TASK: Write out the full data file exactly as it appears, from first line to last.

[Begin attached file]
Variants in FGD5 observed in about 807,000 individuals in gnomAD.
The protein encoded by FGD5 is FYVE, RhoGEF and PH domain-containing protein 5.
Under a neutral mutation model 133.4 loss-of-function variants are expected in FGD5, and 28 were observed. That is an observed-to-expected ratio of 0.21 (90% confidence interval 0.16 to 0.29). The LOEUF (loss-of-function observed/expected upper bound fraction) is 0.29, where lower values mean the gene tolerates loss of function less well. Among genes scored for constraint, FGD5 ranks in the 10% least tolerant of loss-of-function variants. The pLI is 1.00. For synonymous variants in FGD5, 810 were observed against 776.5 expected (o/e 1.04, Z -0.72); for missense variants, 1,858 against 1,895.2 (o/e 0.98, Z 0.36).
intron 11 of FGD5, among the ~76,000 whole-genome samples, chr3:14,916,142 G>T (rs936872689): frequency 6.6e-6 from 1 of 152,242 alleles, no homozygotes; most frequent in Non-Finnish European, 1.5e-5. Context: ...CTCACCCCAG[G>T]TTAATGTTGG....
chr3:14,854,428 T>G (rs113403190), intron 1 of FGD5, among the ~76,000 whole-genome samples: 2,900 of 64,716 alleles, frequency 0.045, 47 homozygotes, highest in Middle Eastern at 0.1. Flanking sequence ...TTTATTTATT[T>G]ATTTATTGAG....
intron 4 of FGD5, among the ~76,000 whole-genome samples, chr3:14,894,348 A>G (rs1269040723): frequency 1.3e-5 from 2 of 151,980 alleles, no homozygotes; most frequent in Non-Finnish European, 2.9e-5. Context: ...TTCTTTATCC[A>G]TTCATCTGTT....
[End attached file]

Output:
Variants in FGD5 observed in about 807,000 individuals in gnomAD.
The protein encoded by FGD5 is FYVE, RhoGEF and PH domain-containing protein 5.
Under a neutral mutation model 133.4 loss-of-function variants are expected in FGD5, and 28 were observed. That is an observed-to-expected ratio of 0.21 (90% confidence interval 0.16 to 0.29). The LOEUF (loss-of-function observed/expected upper bound fraction) is 0.29, where lower values mean the gene tolerates loss of function less well. Among genes scored for constraint, FGD5 ranks in the 10% least tolerant of loss-of-function variants. The pLI is 1.00. For synonymous variants in FGD5, 810 were observed against 776.5 expected (o/e 1.04, Z -0.72); for missense variants, 1,858 against 1,895.2 (o/e 0.98, Z 0.36).
intron 11 of FGD5, among the ~76,000 whole-genome samples, chr3:14,916,142 G>T (rs936872689): frequency 6.6e-6 from 1 of 152,242 alleles, no homozygotes; most frequent in Non-Finnish European, 1.5e-5. Context: ...CTCACCCCAG[G>T]TTAATGTTGG....
chr3:14,854,428 T>G (rs113403190), intron 1 of FGD5, among the ~76,000 whole-genome samples: 2,900 of 64,716 alleles, frequency 0.045, 47 homozygotes, highest in Middle Eastern at 0.1. Flanking sequence ...TTTATTTATT[T>G]ATTTATTGAG....
intron 4 of FGD5, among the ~76,000 whole-genome samples, chr3:14,894,348 A>G (rs1269040723): frequency 1.3e-5 from 2 of 151,980 alleles, no homozygotes; most frequent in Non-Finnish European, 2.9e-5. Context: ...TTCTTTATCC[A>G]TTCATCTGTT....